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8th June 19:00 - 21:00 @MachinesRoom
SuperCollider with Holger Ballweg

Collaborative live coding in SuperCollider.

Collaboration in live computer music in general results in interesting performances, as the styles of the performers merge and/or network effects, e.g., delays in the delivery of network packages, are exploited. SuperCollider comes with very good support for networking using OSC messages (Open Sound Control - a standard that enables exchanging messages between different computer music applications easily) and additional libraries make it even easier to collaborate.

We will explore different levels of collaboration, specifically:

- collaborative editing of sound-producing code;
- sharing code between performers;
- sharing data between performers, e.g., a musical scale or a common tempo;
- using and abusing the client-server architecture of SuperCollider to, e.g., play sound on other people's machines.

We will learn how to set them up, play around with them, and look at examples of them in use - and look at ways to debug them if things go wrong.

You will need your own computer (OSX / Windows/ Linux), and a pair of headphones.


Holger Ballweg is a live coder and programmer living in Newcastle upon Tyne (UK).

After studying for an M.A. in Music Informatics at Karlsruhe University of Music (Germany), he is now pursuing a PhD at Northumbria University, Newcastle.

He is a member of the live coding laptop band Benoît and the Mandelbrots, with whom he performed over 70 concerts in Germany and Europe exploring different ways of collaboration using SuperCollider, which resulted in the development of their own collaborative live coding library, BenoitLib. In 2012 Benoît and the Mandelbrots received an Honorary Mention at Prix Ars Electronica. He is also part of the Birmingham Laptop Ensemble (BiLE) and occasionally plays the laptop or saxophone in a duo with Shelly Knotts. As project assistant of the Network Music Festival in 2013 and 2014 he helped realise diverse networked and collaborative performances, as well as being a participant in some of them.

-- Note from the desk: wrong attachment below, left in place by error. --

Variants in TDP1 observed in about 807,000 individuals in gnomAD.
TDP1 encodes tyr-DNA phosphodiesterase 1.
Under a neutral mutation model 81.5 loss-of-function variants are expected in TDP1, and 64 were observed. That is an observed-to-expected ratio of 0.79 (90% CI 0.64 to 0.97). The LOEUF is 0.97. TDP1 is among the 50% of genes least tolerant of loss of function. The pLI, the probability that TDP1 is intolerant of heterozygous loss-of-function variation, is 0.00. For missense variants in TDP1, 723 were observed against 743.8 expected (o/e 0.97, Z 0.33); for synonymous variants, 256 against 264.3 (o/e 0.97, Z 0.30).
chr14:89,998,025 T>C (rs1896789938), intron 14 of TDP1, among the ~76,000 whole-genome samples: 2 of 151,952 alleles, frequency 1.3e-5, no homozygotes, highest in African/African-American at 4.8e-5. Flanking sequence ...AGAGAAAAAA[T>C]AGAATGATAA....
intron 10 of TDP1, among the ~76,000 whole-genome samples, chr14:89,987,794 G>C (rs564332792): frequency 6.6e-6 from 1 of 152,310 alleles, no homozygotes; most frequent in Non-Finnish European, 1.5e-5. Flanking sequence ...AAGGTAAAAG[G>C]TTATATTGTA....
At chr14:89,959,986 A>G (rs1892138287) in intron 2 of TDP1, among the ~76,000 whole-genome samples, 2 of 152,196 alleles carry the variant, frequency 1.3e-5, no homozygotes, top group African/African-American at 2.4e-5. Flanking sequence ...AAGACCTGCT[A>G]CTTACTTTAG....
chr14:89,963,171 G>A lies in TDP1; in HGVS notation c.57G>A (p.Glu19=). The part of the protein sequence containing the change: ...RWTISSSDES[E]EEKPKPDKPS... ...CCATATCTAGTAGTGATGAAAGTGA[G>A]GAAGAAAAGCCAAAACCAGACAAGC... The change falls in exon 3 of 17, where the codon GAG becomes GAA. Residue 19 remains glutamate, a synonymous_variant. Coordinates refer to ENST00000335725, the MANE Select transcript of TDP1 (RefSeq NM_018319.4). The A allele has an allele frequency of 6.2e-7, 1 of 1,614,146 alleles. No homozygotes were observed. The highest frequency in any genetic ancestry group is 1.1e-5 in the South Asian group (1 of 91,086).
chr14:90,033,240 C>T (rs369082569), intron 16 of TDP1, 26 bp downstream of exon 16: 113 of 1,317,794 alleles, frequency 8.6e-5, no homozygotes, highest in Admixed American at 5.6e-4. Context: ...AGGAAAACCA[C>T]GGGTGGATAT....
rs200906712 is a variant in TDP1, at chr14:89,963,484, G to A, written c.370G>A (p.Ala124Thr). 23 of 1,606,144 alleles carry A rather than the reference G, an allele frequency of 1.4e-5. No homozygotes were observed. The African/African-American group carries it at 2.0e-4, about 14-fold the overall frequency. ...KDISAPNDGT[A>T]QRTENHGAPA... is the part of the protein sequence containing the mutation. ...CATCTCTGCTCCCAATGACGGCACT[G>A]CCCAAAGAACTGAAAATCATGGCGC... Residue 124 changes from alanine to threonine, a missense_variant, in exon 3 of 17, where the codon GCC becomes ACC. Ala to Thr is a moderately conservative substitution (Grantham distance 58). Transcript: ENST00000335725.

SuperCollider is an incredibly powerful, open-source, cross-platform, audio engine and programming language, used not only to create music, but also for machine listening, audio/music reactive installations, performance, interactive systems, research, live-coding and much more.

This workshop is part of #SoundUnfolded taking place in the Machines Room classroom.


Supported using public funding by Arts Council England



What you'll learn

Course content

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